Robotics competition centred around theme of steam pressure

Macquarie University, Google and Ford have launched the 2017 FIRST Robotics Competition to inspire young minds to develop a passion for STEM.

Inspiring young Australian and international minds to develop a passion for STEM, Macquarie University, Google and Ford have launched the 2017 FIRST Robotics Competition, to be held 13 to 18 March 2017 at the Sydney Olympic Park.

FIRST (For Inspiration and Recognition of Science and Technology) is a not-for-profit organisation that runs a suite of robotics programs for school students year round. The organisation aims to re-invigorate the teaching of science and technology with the excitement and atmosphere of a sporting or entertainment event, while educating students in hands-on building and programming skills, design innovation, as well as other factors to ongoing engineering, success, such as the ability to market their work, and to engage with a network of sponsors and mentors.

The FIRST Robotics Competition has innovation at its core, and 70 teams of students from schools around Australia and the Asia Pacific region have had an intense six weeks of preparation, with the help of mentors in engineering. They will showcase the robots they have designed and built from scratch at the event.

Director of First Australia, Luan Heimlich, said the event is all about stimulating young minds to become the problem solvers of the future.

"FIRST is all about cooperation and equipping students with skills for the future which they will hopefully carry with them for the rest of their lives," he said.

The event will allow the young participants to demonstrate their skills in science, technology, engineering and mathematics. They will compete for honours and recognition that reward design excellence, competitive play, sportsmanship, and high-impact partnerships between schools, businesses and communities.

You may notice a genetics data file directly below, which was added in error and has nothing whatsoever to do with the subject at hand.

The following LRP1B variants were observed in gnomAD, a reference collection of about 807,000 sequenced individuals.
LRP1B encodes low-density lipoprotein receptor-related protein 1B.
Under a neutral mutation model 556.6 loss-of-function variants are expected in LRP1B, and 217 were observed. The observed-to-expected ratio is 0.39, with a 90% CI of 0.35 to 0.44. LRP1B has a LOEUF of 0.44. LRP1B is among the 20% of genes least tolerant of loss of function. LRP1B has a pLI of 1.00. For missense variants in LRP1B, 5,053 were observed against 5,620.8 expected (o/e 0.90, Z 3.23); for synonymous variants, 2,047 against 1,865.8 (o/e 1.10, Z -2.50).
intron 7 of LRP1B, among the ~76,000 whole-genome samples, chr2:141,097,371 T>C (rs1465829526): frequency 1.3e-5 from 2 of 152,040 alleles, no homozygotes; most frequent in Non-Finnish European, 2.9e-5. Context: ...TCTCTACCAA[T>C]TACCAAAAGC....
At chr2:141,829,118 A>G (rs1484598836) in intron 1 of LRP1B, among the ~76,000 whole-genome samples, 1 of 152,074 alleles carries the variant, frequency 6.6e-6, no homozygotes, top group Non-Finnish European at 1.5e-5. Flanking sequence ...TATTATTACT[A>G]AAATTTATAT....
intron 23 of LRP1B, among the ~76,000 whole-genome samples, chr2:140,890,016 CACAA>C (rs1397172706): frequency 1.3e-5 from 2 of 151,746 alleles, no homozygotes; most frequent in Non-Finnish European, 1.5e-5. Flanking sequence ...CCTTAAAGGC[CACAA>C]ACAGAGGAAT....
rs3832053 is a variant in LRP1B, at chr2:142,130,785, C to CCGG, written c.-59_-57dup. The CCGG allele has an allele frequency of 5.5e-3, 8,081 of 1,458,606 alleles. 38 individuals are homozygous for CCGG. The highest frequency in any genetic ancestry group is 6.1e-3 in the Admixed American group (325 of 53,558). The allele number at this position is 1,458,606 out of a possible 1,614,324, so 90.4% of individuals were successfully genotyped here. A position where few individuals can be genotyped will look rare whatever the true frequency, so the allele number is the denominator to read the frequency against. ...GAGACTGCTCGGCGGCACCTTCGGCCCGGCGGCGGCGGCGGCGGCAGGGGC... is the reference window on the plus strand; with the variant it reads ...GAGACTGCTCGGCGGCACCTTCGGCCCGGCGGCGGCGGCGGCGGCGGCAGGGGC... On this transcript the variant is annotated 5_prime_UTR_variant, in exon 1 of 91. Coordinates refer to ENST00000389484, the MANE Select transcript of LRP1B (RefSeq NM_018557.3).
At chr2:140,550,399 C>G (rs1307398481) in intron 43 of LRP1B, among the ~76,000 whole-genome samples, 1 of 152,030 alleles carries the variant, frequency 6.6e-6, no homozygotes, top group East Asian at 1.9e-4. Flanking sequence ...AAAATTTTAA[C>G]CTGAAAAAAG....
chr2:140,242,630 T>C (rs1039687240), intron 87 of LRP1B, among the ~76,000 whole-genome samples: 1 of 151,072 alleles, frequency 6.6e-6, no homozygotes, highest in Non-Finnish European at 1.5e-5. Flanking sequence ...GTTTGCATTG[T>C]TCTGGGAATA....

This is the 23rd season for the FIRST Robotics Competition, and the 2017 challenge is centred around the theme of "STEAMWORKS", where students need to use their problem-solving skills to design a robot that is able to build steam pressure, install gears, and climb aboard an airship.

Sponsors Macquarie University, Google and Ford said they decided to support the event in order to combat falling interest in STEM by Australian youths. The event also gives students the opportunity to apply for more than $50 million in scholarships and student experiences from over 200 FIRST supporters to help further interests in science and technology.

Engineering Director at Google, Alan Noble, said the FIRST Robotics program continues to inspire students to become creators and inventors through extending their experiences of STEM in a practical way.

"We’re excited by the innovation and creativity we see in the students from the FIRST program," he said. "The technical skills they gain and confidence they develop in the program are equipping them for an exciting future. Who knows – we might have the next founder of a company like Google amongst these students."